Secure council tenancies
Most council tenants are secure tenants. Secure tenants have strong rights and can only be evicted in certain situations.
What is a secure tenancy?
Most council tenants are secure tenants. A secure tenancy is a lifetime tenancy.
The council may offer you a fixed-term tenancy called a flexible tenancy. This is a type of secure tenancy that lasts for a specified period.
You won't be a secure tenant if:
you are a new tenant and have an introductory tenancy
you have been placed in temporary accommodation following a homeless application
your tenancy has been demoted because of antisocial behaviour
The council gives you a written tenancy agreement. The tenancy agreement tells you the type of tenancy you have and explains your rights and responsibilities.
Many councils provide a tenant's handbook. This should explain all you need to know about your tenancy.
Rent and rent increases
Your tenancy agreement sets out how much the rent is and when it should be paid.
Rent increases usually happen in April. The council must give you at least 4 weeks' written notice of a rent increase.
If you have a low income and need help to pay the rent, you can claim universal credit.
Responsibility for repairs
You are usually responsible for internal decoration and paying for any damage you cause.
The council's responsibility for repairs includes any problems with the roof, guttering, windows, external doors and brickwork.
You must get written permission from the council if you want to make improvements to a council home.
The council can't refuse certain improvements without a good reason.
Taking in a lodger
You have the right to take in a lodger (someone who rents a room in your home).
You don't need the council's permission, but you may have to tell the council if your tenancy agreement says you should.
It can affect how much housing benefit or universal credit you get if take in a lodger or subtenant.
Subletting your home
It is a criminal offence to rent out the whole of your home to someone else if you are a council tenant.
If you move out and sublet your home, you will lose your secure status permanently. This applies even if you later move back in. The council could end your tenancy very easily and anyone living there will be evicted.
Ending your tenancy
You must give the council at least 28 days' notice in writing if you want to end your tenancy. Ask your council if they have an example of a tenant's notice that you can use.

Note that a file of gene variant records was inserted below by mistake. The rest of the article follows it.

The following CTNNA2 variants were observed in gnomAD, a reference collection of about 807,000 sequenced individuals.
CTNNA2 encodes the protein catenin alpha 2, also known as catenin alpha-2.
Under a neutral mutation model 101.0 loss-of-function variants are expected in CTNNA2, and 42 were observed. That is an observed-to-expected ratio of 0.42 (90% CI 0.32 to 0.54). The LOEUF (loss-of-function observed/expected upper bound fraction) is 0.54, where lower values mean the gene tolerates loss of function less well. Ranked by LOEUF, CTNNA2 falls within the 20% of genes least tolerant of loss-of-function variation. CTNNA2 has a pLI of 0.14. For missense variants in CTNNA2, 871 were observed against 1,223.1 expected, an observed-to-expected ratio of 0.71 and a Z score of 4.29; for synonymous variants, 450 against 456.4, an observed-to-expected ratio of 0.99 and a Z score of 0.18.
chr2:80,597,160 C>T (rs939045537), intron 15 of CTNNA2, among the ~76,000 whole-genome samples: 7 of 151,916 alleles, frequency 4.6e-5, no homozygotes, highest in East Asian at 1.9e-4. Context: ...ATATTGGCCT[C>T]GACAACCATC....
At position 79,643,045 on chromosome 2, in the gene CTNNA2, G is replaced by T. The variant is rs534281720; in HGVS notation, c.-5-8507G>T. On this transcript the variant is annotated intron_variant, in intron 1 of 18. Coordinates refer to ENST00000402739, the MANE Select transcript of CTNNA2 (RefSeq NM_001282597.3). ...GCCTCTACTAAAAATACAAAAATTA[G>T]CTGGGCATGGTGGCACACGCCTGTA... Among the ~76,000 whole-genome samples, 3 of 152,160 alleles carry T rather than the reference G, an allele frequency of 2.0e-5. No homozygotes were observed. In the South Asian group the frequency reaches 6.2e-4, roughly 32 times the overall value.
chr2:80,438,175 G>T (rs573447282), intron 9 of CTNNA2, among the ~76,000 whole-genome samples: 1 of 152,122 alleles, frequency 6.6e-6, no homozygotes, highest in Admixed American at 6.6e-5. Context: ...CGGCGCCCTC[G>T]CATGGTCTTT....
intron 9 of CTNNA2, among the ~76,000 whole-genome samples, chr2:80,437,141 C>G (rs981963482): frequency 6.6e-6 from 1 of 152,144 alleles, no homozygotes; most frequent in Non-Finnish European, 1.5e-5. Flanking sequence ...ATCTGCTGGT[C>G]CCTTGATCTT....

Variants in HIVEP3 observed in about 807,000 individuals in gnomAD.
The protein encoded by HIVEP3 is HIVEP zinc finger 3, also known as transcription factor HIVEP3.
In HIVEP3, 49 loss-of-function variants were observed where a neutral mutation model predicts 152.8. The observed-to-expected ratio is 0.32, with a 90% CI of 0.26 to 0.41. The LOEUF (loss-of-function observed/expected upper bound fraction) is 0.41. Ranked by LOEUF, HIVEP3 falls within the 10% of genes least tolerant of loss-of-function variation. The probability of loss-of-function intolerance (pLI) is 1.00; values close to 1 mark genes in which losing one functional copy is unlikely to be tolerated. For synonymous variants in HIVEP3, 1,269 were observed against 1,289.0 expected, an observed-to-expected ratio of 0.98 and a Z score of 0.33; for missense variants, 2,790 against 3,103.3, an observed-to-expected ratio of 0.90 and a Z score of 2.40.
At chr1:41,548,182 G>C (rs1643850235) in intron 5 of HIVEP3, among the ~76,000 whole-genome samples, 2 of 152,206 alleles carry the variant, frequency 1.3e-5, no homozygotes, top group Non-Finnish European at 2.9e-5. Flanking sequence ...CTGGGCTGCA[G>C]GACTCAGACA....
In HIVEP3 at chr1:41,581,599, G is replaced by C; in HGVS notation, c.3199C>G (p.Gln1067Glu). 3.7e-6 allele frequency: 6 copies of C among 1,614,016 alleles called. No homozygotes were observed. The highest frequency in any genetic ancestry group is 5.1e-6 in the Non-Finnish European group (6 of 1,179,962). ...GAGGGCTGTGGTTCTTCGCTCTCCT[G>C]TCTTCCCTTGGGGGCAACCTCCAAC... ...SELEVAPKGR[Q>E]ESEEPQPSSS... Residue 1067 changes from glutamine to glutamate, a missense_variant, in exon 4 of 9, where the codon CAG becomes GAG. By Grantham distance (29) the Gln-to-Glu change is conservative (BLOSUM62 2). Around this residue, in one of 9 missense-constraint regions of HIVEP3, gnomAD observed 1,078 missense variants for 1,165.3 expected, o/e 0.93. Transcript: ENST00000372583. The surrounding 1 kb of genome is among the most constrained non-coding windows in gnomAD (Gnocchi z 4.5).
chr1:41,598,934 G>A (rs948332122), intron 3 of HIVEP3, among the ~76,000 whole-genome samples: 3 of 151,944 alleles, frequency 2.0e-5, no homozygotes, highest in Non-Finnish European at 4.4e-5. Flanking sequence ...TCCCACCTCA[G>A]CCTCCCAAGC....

Your notice must end on the first or last day of your rental period, unless your tenancy agreement says different.
The council might accept a shorter notice period but they don't have to. If the council agrees that your tenancy can end early, get their agreement in writing.
Make sure you consider your options before you give up a council tenancy. It can be difficult to get another council tenancy.
You have the right to live in your home as long as you don't break the rules of your tenancy.
You can only be evicted in certain situations.
You can be evicted if you:
don't pay the rent
cause nuisance to neighbours
use the property for illegal activities such as drug dealing
move out of your home or rent it to someone else
For you to be evicted, the council must follow the eviction procedure for secure council tenants. The council must get a court order for you to be evicted.
If a council tenant dies
If you are a joint tenant, the council tenancy automatically passes to the other joint tenant if one of you dies.
If you are the only tenant, there are rules about who can inherit the tenancy if you die. The legal process for this is called succession. It can only happen once unless your tenancy agreement allows for a second succession.
During your lifetime, you can choose to sign your tenancy over to someone who would inherit it if you died. The legal process for this is called assignment. The correct process must be followed. If it's not, you could still be held responsible for paying the rent and the new tenant could be evicted.
If you want to move to a different council or housing association home you may be able to:
Buying your council home
If you have been a council tenant for at least three years, you can probably buy your council home at a discount under the right to buy scheme.
Use the council's complaints procedure if you feel that the council isn't treating you fairly or has failed to fulfil its responsibilities.
Still need help?
Secure tenants have strong rights. Speak to a housing adviser if you need more advice:
Last updated: 23 July 2020